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Lessons from the Street: Reflections on Narcissism

Lessons from the Street: Reflections on Narcissism

By: Beautiful Minds Coalition

As we start to change lanes, the driver in front of us signals and pulls in front of us. How do we react? Probably not with “road rage” in the sense that we do not run the other driver off the road or threaten them with a handgun, but maybe with “mini-rage,” muttering a few angry words to ourselves. We may have the fleeting thought that the other inconvenienced us on purpose. Our thoughts are less than “loving” for our neighbor.

Is there a difference between how we react and how the person who confronts others with violence when inconvenienced react to being “cut off?” Psychology says, yes.

Road rage is the product of what mental health professionals call a personality disorder.  It is part of personality because, how people see themselves; the behavior, feelings and thoughts about the world and themselves they have had since childhood. It is a disorder because it interferes with their ability to live fully with others or even with themselves.

Road rage is frequently part of the response to frustration in people Bill Eddy, an attorney and MSW, calls the High Conflict Personality, which is characterized by: blaming others rather than accepting responsibility for our part in conflict, thinking in all or none terms (the conflict is all your fault), responding to conflict with “unmanageable” emotion, and engaging in extreme behaviors such as yelling, refusing to talk, or talking about the other person behind their back.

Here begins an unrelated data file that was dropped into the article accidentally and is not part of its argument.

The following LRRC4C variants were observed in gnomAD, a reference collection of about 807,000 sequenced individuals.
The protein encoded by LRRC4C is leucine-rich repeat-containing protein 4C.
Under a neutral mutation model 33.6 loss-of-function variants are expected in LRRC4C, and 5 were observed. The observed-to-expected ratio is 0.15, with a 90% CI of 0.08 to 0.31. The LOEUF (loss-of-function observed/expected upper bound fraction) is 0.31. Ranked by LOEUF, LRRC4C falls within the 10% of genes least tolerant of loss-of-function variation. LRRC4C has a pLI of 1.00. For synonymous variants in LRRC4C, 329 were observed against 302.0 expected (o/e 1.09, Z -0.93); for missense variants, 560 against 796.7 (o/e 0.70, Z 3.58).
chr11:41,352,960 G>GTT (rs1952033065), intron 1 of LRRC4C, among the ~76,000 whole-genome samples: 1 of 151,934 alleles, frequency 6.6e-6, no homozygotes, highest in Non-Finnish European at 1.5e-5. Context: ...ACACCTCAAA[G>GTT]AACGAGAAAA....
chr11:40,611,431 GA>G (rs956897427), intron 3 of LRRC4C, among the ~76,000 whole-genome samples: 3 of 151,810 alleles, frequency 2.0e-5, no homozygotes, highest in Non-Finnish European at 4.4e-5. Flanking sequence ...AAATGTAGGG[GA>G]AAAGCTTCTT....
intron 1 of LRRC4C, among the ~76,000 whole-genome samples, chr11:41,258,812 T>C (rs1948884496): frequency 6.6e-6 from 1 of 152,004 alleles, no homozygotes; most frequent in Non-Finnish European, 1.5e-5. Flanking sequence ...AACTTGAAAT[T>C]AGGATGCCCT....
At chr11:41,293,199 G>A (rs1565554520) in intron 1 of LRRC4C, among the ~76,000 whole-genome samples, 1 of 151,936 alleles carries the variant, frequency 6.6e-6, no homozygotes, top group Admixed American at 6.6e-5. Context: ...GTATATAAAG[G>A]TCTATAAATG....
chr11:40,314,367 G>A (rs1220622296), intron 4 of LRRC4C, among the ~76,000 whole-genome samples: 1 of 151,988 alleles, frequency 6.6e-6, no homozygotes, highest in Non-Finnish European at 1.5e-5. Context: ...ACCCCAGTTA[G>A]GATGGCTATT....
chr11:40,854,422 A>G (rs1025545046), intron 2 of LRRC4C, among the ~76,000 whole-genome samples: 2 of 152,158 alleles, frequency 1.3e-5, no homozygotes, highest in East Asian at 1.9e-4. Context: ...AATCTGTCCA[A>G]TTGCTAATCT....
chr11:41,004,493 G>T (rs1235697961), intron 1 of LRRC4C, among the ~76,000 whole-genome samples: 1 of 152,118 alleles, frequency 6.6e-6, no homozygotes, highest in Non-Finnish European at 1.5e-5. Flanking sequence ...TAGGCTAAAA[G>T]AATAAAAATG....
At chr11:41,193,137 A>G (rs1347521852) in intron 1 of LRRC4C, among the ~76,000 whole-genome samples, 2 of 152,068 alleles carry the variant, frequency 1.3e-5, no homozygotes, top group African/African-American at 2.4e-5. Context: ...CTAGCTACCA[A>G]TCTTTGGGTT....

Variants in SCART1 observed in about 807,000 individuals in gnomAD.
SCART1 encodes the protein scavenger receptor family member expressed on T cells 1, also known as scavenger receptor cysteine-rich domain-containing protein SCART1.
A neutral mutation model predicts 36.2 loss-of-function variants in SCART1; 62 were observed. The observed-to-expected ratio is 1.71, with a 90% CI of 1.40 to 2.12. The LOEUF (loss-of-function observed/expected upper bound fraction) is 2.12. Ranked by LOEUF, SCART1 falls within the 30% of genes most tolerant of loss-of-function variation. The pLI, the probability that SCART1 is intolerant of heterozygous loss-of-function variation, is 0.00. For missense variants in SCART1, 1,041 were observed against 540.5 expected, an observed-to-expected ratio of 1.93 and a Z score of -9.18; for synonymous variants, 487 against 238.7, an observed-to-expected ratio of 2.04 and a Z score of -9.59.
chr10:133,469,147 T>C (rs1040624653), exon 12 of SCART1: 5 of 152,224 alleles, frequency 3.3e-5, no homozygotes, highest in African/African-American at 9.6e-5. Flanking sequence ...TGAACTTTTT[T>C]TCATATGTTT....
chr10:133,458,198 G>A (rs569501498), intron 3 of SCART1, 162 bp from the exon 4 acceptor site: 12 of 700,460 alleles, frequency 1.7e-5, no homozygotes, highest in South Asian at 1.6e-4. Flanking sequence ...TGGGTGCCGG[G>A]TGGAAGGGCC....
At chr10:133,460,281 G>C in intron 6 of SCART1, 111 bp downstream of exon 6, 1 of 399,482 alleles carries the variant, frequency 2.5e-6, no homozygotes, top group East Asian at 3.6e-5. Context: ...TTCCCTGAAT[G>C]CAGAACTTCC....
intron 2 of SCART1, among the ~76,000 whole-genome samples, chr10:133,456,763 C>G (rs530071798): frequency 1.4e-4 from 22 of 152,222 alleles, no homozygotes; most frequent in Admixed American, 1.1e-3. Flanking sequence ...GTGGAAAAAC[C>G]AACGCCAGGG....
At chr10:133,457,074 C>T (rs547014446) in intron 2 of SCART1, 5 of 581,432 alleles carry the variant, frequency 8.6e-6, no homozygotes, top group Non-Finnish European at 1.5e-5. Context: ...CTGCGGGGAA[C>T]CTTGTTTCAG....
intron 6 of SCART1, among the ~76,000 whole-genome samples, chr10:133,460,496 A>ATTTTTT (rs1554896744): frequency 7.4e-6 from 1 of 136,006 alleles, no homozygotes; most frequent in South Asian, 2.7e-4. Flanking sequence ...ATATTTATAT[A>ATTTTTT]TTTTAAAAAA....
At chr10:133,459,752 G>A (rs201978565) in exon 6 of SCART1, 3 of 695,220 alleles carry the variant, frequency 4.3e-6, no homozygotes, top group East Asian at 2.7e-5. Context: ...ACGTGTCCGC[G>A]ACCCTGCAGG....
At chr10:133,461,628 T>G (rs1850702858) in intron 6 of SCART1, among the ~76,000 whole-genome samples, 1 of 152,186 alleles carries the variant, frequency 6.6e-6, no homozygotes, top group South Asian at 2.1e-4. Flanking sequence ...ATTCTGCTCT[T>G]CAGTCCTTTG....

Road rage is frequently the product of what is called a “narcissistic personality.” And we are all a little prone to narcissism. In its extreme form, narcissism is self-centered, lacking in empathy for others, needing constant recognition from others and a sense of being special, deserving of unearned rewards and consideration . In its lesser form, it shows itself as “mini-rage” as described above. It can be quite destructive to relationships.

On the other hand, there is a healthy narcissism that includes a quiet comfortable confidence, and the awareness and acceptance of both strengths and weakness in one self. There is no need to be seen as perfect or to get defensive, reacting aggressively to threats to our sense of self-worth. Heinz Kohut developed the idea of healthy narcissism and suggested that characteristics were:

  • A strong sense of positive self-regard
  • Empathy for others
  • An authentic sense of self
  • Self-respect and self-love
  • Courage to accept and consider criticism from others
  • Emotional resilience
  • Confidence in one’s ability to set and pursue goals in life
  • The ability to admire and be admired.

Michael Maccoby suggest that positive narcissist is good leader in time of crisis like the year in which we are living the following chart describes healthy versus destructive narcissism:

Characteristic Healthy narcissism Destructive Narcissism
Self-confidence High outward self-confidence that is based in real experience Grandiose sense of worth based in fantasy
Desire for power, wealth and admiration May enjoy pow\er but does not need it to feel worthy Pursues power without limits
Relationships Real concern for others. Listen to other and take their ideas, wants and needs into take devalue others Expresses socially appropriate concern when it pays off for them. Exploits others without conscience
Ability to follow consistent path Has values; follows through when a commitment has been made Lacks values; easily bored; changes course easily and frequently
Foundation Raised in a family that supported self-esteem, self-efficacy and appropriate regard for others Traumatic childhood-

History and Adverse events that undermine self-esteem and/or regard for others.